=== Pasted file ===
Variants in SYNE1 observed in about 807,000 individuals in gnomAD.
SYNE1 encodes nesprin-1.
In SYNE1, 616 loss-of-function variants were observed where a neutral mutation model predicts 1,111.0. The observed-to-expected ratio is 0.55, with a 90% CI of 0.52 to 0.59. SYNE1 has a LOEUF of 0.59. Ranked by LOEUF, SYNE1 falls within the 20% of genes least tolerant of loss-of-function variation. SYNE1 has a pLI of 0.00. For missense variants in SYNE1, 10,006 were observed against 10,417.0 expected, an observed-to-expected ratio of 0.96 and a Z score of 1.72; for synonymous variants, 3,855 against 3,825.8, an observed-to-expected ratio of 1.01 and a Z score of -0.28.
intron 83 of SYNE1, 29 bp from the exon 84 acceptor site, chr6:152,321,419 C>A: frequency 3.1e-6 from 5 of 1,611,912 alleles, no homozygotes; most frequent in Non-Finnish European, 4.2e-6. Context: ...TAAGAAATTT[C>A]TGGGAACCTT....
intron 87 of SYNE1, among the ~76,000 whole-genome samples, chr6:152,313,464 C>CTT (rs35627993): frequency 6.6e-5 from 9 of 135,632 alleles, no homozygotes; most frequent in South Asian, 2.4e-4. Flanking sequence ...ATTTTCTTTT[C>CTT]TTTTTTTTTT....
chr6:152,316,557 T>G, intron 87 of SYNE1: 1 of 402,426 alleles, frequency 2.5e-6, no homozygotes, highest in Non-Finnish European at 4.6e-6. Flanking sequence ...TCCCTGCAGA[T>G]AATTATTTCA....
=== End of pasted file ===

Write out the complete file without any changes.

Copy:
Variants in SYNE1 observed in about 807,000 individuals in gnomAD.
SYNE1 encodes nesprin-1.
In SYNE1, 616 loss-of-function variants were observed where a neutral mutation model predicts 1,111.0. The observed-to-expected ratio is 0.55, with a 90% CI of 0.52 to 0.59. SYNE1 has a LOEUF of 0.59. Ranked by LOEUF, SYNE1 falls within the 20% of genes least tolerant of loss-of-function variation. SYNE1 has a pLI of 0.00. For missense variants in SYNE1, 10,006 were observed against 10,417.0 expected, an observed-to-expected ratio of 0.96 and a Z score of 1.72; for synonymous variants, 3,855 against 3,825.8, an observed-to-expected ratio of 1.01 and a Z score of -0.28.
intron 83 of SYNE1, 29 bp from the exon 84 acceptor site, chr6:152,321,419 C>A: frequency 3.1e-6 from 5 of 1,611,912 alleles, no homozygotes; most frequent in Non-Finnish European, 4.2e-6. Context: ...TAAGAAATTT[C>A]TGGGAACCTT....
intron 87 of SYNE1, among the ~76,000 whole-genome samples, chr6:152,313,464 C>CTT (rs35627993): frequency 6.6e-5 from 9 of 135,632 alleles, no homozygotes; most frequent in South Asian, 2.4e-4. Flanking sequence ...ATTTTCTTTT[C>CTT]TTTTTTTTTT....
chr6:152,316,557 T>G, intron 87 of SYNE1: 1 of 402,426 alleles, frequency 2.5e-6, no homozygotes, highest in Non-Finnish European at 4.6e-6. Flanking sequence ...TCCCTGCAGA[T>G]AATTATTTCA....